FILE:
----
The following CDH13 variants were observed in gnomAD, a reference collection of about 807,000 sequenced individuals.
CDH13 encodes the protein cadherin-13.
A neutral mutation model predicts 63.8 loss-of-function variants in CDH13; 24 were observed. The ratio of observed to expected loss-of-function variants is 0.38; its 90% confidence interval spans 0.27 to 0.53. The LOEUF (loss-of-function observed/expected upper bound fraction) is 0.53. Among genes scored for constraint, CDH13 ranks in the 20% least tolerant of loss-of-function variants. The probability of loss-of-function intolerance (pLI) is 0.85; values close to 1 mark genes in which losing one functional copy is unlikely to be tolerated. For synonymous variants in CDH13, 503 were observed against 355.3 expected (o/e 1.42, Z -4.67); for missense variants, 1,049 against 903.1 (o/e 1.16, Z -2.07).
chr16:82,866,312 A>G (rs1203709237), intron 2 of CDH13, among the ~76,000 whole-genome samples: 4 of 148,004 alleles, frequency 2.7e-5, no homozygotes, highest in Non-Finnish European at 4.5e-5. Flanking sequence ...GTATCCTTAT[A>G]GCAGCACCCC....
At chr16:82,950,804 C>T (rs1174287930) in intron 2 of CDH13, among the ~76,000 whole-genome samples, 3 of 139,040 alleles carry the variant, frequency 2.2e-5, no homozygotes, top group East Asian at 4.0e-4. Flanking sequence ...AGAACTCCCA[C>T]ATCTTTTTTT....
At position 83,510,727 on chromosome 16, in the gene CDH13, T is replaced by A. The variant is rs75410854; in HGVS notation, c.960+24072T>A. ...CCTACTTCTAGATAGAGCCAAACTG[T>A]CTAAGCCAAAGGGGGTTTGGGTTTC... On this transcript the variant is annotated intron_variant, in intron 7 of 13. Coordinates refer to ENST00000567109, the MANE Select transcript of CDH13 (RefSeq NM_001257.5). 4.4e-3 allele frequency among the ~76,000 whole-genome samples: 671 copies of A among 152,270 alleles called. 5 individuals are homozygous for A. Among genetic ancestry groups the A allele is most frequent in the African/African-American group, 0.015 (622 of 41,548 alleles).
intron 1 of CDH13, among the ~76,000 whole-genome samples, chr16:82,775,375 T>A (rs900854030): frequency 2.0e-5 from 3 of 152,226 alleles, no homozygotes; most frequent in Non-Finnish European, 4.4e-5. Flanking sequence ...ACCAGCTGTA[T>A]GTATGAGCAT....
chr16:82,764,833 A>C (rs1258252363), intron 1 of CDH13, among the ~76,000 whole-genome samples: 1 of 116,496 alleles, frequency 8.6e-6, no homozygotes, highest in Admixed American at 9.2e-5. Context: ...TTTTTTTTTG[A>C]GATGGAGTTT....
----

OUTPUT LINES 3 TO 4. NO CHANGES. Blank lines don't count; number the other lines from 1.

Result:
A neutral mutation model predicts 63.8 loss-of-function variants in CDH13; 24 were observed. The ratio of observed to expected loss-of-function variants is 0.38; its 90% confidence interval spans 0.27 to 0.53. The LOEUF (loss-of-function observed/expected upper bound fraction) is 0.53. Among genes scored for constraint, CDH13 ranks in the 20% least tolerant of loss-of-function variants. The probability of loss-of-function intolerance (pLI) is 0.85; values close to 1 mark genes in which losing one functional copy is unlikely to be tolerated. For synonymous variants in CDH13, 503 were observed against 355.3 expected (o/e 1.42, Z -4.67); for missense variants, 1,049 against 903.1 (o/e 1.16, Z -2.07).
chr16:82,866,312 A>G (rs1203709237), intron 2 of CDH13, among the ~76,000 whole-genome samples: 4 of 148,004 alleles, frequency 2.7e-5, no homozygotes, highest in Non-Finnish European at 4.5e-5. Flanking sequence ...GTATCCTTAT[A>G]GCAGCACCCC....